Birdwatching in Cuba

Cuba is a perfect place for trekking, practicing nature photography and of course birdwatching. If you don’t normally enjoy birding, maybe just escaping the noise of Havana in the countryside for a day sounds appealing. It’s up to you how you spend your holiday, but if it is in Cuba: why not taking a birding tour? You’ll not regret it.

Cuba has many protected areas and biosphere reserves, all of with plenty of the autochthonous birdlife of the island. The archipelago has more than 350 species of birds, with more than 25 of them being endemic to Cuba. In other words, here you can see birds that can’t be found anywhere else in the world. This is a birdwatchers dream.

In the Caribbean, Cuba holds the first position in endemicity. The actual number of birds that can be seen on the island is bigger, since the migratory paths from North America to the South include Cuba. The beginning of migrations is in autumn, whilst the comeback is in spring.

Unfortunately, birds in cages are also very common on Cuban streets. Although it is not legal at all, there are lots of these birdies locked in all around the country, captured by people more interested in getting a gain from them than appreciating the beauty. This is an extended practice also because many kids love to have their own songbird inside their houses rather than to admire it in the natural environment.

Tips for Birdwatching in Cuba

The birding destinations in Cuba are near the main tracks and many of them inside the national biosphere reserves and National Parks. If you are traveling on your own, it is necessary to hire a car in order to get to these protected areas. Finding accommodation in any of the birdwatching hotspots would be ideal. For instance: stay in Las Terrazas to explore Sierra del Rosario; in Playa Larga for Zapata Peninsula; Trinidad or Topes de Collantes for the Guamuhaya Massif (Escambray mountains and Lomas de Banao); Cayo Coco on the Jardines del Rey; and Baracoa for Cuchillas del Toa Biosphere Reserve.

It’s better to bring your own stuff to do birding: binoculars, photographic camera and so on. Getting these in Cuba can be difficult, since there are no specialized stores where you could buy or borrow your equipment.

You need a local guide to enter the National Parks and nature reserves, unlike in other countries, where you can enter the parks on your own. A well-prepared guide shall know all the hotspots and will help you to make the best out of your trip. This is also a good manner to get in touch with the local customs and culture. Some local guides are inhabitants of the woods, and they would not speak another language than Spanish, so unless you find one who speaks English or another language, try to put in practice your translation abilities. Now, take a look at some of the best hotspots to do Birdwatching in the country.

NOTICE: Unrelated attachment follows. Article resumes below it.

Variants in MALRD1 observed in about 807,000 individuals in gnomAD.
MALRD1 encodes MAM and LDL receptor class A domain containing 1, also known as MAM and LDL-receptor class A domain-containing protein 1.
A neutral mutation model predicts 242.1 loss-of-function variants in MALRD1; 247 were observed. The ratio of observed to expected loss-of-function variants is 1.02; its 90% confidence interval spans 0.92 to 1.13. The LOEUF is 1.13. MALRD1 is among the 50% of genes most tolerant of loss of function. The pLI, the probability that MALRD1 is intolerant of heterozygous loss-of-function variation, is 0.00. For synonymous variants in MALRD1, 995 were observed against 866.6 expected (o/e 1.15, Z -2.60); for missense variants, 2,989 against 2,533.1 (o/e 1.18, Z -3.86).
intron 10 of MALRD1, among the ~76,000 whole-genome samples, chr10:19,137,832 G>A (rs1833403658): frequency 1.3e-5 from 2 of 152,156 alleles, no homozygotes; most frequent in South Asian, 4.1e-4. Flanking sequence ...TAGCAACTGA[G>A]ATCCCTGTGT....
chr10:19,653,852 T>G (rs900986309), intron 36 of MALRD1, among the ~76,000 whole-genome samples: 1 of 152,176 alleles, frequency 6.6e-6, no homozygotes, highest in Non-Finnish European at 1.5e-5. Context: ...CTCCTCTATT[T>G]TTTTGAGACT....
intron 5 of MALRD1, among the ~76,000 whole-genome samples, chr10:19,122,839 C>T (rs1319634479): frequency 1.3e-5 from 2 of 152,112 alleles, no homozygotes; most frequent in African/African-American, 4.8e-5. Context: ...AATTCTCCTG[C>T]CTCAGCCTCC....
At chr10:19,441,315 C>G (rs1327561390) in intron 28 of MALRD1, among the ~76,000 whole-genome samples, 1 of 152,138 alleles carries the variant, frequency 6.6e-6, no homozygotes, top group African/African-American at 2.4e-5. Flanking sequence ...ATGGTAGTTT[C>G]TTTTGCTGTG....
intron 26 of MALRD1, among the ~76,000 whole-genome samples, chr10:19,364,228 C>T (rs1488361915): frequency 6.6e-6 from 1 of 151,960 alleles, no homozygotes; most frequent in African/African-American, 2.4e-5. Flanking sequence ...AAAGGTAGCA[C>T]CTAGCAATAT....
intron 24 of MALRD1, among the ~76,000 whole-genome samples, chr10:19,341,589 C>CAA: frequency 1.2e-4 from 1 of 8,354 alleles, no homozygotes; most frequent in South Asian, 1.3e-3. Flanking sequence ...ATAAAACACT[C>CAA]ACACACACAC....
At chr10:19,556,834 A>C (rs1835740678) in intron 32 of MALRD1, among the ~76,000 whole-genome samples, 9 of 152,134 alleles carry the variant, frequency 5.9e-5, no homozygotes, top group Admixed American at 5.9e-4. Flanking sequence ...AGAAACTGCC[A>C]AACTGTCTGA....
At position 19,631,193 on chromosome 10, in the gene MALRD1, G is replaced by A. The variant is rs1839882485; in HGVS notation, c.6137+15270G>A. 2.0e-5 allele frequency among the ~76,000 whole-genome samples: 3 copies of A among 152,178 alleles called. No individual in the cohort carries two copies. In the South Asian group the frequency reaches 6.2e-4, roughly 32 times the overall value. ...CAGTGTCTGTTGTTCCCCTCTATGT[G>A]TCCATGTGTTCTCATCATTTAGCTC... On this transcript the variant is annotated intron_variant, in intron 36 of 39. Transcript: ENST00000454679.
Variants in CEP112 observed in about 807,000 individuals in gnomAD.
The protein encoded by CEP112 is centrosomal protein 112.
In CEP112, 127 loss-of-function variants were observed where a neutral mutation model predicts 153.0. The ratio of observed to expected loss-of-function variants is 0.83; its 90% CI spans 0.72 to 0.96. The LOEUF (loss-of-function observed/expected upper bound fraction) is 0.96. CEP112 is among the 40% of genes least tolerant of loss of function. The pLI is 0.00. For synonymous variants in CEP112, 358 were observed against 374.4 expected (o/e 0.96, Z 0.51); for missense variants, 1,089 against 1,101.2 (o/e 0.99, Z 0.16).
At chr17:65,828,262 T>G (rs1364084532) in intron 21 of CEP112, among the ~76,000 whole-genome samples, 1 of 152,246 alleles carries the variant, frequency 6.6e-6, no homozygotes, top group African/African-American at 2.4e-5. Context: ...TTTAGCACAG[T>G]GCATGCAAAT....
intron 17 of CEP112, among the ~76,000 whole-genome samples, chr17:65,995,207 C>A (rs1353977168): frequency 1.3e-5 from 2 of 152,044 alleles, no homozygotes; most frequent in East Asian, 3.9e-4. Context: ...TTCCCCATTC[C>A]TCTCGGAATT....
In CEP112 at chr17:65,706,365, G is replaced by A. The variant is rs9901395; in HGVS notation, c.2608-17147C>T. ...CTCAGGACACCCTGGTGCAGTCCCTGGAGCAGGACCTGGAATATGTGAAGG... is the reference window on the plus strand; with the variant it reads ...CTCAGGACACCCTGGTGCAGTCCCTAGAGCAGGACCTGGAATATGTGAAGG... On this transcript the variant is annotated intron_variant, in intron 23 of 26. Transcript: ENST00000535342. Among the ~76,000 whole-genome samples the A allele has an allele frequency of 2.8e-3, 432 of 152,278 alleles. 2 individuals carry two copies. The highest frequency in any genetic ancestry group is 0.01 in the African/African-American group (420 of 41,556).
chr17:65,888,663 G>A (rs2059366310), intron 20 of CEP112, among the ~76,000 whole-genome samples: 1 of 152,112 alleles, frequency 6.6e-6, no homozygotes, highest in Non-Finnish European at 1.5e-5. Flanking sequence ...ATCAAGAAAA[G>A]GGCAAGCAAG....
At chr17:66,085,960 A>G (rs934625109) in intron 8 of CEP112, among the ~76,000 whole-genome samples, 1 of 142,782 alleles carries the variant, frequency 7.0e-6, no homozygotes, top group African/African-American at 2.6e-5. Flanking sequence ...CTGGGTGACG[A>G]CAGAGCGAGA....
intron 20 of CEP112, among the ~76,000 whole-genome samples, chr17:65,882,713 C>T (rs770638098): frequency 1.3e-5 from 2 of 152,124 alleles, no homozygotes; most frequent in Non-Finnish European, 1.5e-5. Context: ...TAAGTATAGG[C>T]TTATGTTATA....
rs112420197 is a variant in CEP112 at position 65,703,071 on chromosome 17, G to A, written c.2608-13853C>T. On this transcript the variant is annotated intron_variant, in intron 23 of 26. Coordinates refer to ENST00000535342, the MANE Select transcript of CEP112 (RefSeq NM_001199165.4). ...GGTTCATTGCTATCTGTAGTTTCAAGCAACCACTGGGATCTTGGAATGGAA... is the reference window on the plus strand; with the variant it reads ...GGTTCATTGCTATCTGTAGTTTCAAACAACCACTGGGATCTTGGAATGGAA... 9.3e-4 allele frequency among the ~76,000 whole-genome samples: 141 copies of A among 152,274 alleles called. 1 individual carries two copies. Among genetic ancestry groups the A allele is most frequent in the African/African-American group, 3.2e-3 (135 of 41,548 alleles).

Best sites to do birding in Cuba

Birdwatching in Sierra del Rosario and Sierra de los Órganos

The west of Cuba is a wonderful region for those who want to admire the beauty of local and migratory birds. The Sierra de los Órganos and the Sierra del Rosario are the two main natural reserves for avian sightings. Within these regions are located the Viñales Valley, La Güira National Park and Las Terrazas, all of them full with birding highlights.

The relief here is mountainous, with caves, hills with different heights, fertile soil and rich flora. Try to spot here birds of prey like the Cuban Pygmy-Owl (Sijú Platanero) or the endangered Gundlach’s Hawk (Gavilán Colilargo). Charming and melodious songbirds like theCuban Grassquit (Tomeguín del Pinar) and the Cuban Solitaire (Ruiseñor) abound in this area. You will be blessed if you are able to see the hard-to-spot Fernandina’s Flicker (Carpintero Churroso) and the more common and beautiful Cuban Trogon (Tocororo), Cuba’s national bird.

Birding in the Zapata Peninsula

Zapata Peninsula’s most well-known landmark is Zapata Swamp (Ciénaga de Zapata), in the south of Matanzas province. It is the largest and most well-preserved swamp in all the insular Caribbean, and also catalogued as a Ramsar site. This place is a real paradise for birdwatchers, with different habitats like mangroves, marshes and woods. More than three-fifths of the total of birds in Cuba can be found here. The Zapata Wren (Ferminia), the Zapata Rail (Gallinuela de Santo Tomás) and the Zapata Sparrow (Cabrerito de la Ciénaga) are endemic to this specific region, being considered the birds with more restricted habitat in the world. The Gray-fronted Quail Dove (Camao) and the Blue-headed Quail Dove (Paloma Perdiz) are gracious specimens of the family Columbidae that you can spot here.